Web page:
Saturday, December 12, 2015

SQ Quadraphonic - A Dead Surround Audio Format.... or is it?

The early 70s introduced the war of Quadraphonic formats that included SQ, QS, CD-4 and others. This was back when Hi-Fi was a thing, and was something a reasonable number of people had, even if only stereo systems.

None of those formats succeeded at that time and quadraphonic died out.  All the systems had problems and the early SQ and QS formats only gave an almost inaudible (3dB) front to rear channel separation in addition to costing twice as much... and the last thing a Classical record needs is to put the audience in the middle of the orchestra.  Rock didn't fair much better.

Later Full Logic decoders appeared.  These improved the channel separation  by using gain elements in the 4 output channels to exaggerate the difference between the channels in a controlled way to improve the channel separation.  Didn't help the market grow though.

SQ Full Logic Block Diagram

I have the 12" Vinyl Deep Purple Machine Head album emblazoned with a SQ logo and QUADRAPHIC, and have never heard it in 4 channels.  Been curious about that.

Now days every Home Cinema has Dolby Surround, and Cinemas are now going to Dolby's ATMOS system with some 60 channels.  But this cinema stuff doesn't really fit music, which doesn't have or want a centre channel, or delayed rear channels.

So could you use a Dolby Surround system with this old SQ Quadraphonic stuff?   That would  require some significant signal processing on the SQ encoded stereo signal first so your Dolby decoder only produced the front left and right and musical rear signals.  Even then, the rear channels were originally restricted to only 100Hz to 7kHz and had a 25ms or so delay added to them. Lots of compromises required, and the result wouldn't be what was mastered on the album.

Most people don't seem to care to sit and listen to music as they once did, unless it is on headphones from an MP3 Player,  so it would seem investigating and even SQ encoding our own musical endeavours in a dead quadraphonic system  is pretty much a waste of time and effort. 

That maybe, but we are considering it as we are pretty much set up to do it anyway with the Reaper DAW and it's JS development language and support for the encoder, and a switchable to  4 speaker and amplifier mixing environment.

The SQ Decoder, and doing that with a few transistors and a SMD based PCB for fabrication by OSH Park is not out of the question. either.  Not a huge Altium Project by any means.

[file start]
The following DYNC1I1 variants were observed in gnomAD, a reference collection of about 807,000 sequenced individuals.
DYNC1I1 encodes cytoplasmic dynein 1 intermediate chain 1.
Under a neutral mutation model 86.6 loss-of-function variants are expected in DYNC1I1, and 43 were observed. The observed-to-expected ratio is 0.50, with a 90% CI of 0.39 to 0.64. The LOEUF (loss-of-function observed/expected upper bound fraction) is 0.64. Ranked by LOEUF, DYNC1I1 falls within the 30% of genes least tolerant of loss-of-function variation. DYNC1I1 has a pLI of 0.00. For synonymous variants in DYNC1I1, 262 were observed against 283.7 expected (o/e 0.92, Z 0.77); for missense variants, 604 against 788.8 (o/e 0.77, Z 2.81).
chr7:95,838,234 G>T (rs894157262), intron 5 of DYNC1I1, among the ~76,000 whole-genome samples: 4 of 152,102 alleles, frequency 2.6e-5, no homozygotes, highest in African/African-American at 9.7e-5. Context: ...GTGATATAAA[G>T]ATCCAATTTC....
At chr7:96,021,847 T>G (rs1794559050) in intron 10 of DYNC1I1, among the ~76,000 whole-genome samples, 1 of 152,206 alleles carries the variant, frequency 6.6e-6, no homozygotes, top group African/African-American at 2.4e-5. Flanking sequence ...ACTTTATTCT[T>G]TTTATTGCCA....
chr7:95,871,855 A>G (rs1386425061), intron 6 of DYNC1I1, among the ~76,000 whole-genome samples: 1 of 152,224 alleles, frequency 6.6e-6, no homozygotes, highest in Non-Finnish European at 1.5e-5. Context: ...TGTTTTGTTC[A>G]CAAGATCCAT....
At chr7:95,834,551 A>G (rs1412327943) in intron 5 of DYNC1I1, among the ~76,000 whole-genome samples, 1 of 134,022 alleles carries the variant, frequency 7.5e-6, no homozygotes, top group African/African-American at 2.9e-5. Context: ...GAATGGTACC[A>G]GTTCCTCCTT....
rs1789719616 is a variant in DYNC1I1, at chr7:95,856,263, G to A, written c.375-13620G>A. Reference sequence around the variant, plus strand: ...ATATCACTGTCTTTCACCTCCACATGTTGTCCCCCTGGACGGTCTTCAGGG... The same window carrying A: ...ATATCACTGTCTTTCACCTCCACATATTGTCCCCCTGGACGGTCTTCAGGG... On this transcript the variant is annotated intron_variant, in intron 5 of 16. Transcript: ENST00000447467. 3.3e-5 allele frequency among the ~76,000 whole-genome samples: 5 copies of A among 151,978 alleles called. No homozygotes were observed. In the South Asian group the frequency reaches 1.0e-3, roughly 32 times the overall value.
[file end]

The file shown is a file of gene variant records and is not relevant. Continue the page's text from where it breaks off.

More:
SQ Decoder Schematic

So not out of the question.   And these things from places like Sony still show up on eBay too.  A Development Kit with fast MCU and Stereo IN, Quad OUT, 16bit+ codecs would be a flexible approach for us C developers too.

So why?   But what about a music with visuals, as in a video?

Dolby Surround (Pro Logic) is a simple system, and what was used on the first Star Wars film in 1977. Their first Surround Decoders where actually designed by the people that did the best SQ decoders. What that system does give you is great separation between the front centre and mono rear surround speakers. Fine if you want Ambience in the rear channels. Not unworkable.

Now the original standard decoder filtered the Surround channel from 10Hz to 7.5kHz. Seems the later "Music" support of Dolby surround now actually has 5 equal full range speakers.
So a quick test of Surround  as L-R, with buffered inputs, and a L+R Center channel, and a level control on the front channels using dual LM833 Opamps looks like this when prototyped quickly. It is powered from a regulated 12VDC source.  The front channels are our standard mix set up, the rear are a DELL satellite + sub woofer we usually use for background music.

Surround = L -R, Centre = L+R matrix decoder
The schematic with a later added bypass switch, to disable the surround mix system is:

In Reaper, our music production DAW, we generated a surround channel by sending the rear tracks, that now aren't routed to mix output to Surround L and Surround R, with Surround L  inverted, and then add these to the mix.  So that tracks that are not dead Center or Rear are a bit of front and rear, and surround tracks are just from the rear. Dead Center just from the front.
The result sounds interesting, and stereo compatible, but not mono compatible. We will try a HD AUDIO RUSH decoder soon, and plan to do our mixes with these rear channels as one mix option.

It is surprising what a Mixed Media Concept Album can inspire in you.  I've spent the last couple of weeks listening to, and reading The Pentateuch of the Cosmogony

Now that isn't in surround, but has given us the drive to expand our own mixed media music art tech project....  An extension of our  SteamPunk Sunset.

.... unless life gets in the way, or something else comes up of course.

So SQ might be dead,  but surround and matrix encoding and decoding that came from it aren't.

And maybe this is a more appropriate logo for what we have done so far......


Tom Carlson said...

Fascinating stuff! Really appreciate the insights on this blog. Thank you & please keep it up

Glenn Ficarra said...

Did the SQ board ever come to fruition? Looks like a fun project for listening to some of my SQ LPs.
would love to know if there are further revisions and what the transistors are...

Glenn Ficarra said...
This comment has been removed by a blog administrator.
Adrian Bruce said...

I didn't make the PCB, just formalized the veroboard unit I show in the blog. This video has the SQ soundtrack:
The only thing put into the rear channels are the "alien whale call" Theremin tones. This is the first thing you hear. When you play this back in stereo, they have a strange "other" placement, but with my decode, they just came out the rear channels..